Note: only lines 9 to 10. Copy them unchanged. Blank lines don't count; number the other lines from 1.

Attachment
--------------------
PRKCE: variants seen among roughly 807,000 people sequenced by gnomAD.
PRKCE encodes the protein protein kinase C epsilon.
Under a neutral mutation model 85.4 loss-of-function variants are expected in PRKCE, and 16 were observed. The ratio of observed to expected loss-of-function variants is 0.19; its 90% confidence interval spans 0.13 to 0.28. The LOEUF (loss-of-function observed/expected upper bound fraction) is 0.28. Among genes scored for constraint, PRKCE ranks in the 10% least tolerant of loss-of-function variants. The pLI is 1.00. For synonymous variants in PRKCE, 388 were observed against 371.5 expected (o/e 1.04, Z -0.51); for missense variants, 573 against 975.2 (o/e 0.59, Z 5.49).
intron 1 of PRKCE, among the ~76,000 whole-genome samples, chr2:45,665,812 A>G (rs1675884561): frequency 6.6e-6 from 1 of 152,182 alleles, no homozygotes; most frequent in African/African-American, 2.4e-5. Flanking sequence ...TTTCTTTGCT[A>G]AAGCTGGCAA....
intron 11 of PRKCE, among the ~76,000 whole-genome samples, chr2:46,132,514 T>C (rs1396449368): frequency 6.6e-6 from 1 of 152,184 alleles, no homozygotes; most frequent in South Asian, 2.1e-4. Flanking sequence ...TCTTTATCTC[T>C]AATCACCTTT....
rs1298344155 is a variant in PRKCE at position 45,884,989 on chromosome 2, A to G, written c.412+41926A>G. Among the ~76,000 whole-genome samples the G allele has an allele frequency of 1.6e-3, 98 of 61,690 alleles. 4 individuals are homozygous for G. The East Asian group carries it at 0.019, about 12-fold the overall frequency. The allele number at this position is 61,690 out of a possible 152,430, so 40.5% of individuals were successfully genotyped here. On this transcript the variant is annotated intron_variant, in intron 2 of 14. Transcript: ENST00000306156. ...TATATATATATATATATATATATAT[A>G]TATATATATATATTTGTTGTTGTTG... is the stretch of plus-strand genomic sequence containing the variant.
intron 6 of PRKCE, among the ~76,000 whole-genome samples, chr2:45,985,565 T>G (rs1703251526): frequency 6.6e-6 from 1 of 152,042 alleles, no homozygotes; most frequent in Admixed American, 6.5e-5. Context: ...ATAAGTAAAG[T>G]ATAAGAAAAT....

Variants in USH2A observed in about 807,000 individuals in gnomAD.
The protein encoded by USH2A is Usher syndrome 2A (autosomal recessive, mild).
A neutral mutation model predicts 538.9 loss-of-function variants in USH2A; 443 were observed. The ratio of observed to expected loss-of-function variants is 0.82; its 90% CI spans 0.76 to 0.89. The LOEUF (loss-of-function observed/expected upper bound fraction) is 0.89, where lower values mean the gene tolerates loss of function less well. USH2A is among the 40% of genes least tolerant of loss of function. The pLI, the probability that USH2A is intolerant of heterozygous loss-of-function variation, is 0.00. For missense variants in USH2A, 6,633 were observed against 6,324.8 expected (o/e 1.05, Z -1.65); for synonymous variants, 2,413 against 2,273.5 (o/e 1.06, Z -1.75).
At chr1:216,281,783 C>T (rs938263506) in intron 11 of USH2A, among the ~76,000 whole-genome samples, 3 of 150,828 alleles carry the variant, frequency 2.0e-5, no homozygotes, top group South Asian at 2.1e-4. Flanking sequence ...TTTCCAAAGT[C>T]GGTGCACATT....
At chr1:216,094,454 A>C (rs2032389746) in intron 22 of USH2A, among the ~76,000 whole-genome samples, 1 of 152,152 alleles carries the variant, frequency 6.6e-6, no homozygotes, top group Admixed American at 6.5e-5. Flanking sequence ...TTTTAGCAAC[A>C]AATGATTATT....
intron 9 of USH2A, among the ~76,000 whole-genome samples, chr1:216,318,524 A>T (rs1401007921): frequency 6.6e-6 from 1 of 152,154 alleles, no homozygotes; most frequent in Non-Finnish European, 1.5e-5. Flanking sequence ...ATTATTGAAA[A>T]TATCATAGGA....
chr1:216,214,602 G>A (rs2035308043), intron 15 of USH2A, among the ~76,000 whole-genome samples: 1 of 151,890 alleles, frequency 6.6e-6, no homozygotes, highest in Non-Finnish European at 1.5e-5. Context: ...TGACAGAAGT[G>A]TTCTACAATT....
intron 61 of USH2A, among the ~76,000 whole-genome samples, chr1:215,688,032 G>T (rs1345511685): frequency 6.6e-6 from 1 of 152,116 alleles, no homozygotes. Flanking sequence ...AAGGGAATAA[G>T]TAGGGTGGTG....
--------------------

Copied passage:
The protein encoded by USH2A is Usher syndrome 2A (autosomal recessive, mild).
A neutral mutation model predicts 538.9 loss-of-function variants in USH2A; 443 were observed. The ratio of observed to expected loss-of-function variants is 0.82; its 90% CI spans 0.76 to 0.89. The LOEUF (loss-of-function observed/expected upper bound fraction) is 0.89, where lower values mean the gene tolerates loss of function less well. USH2A is among the 40% of genes least tolerant of loss of function. The pLI, the probability that USH2A is intolerant of heterozygous loss-of-function variation, is 0.00. For missense variants in USH2A, 6,633 were observed against 6,324.8 expected (o/e 1.05, Z -1.65); for synonymous variants, 2,413 against 2,273.5 (o/e 1.06, Z -1.75).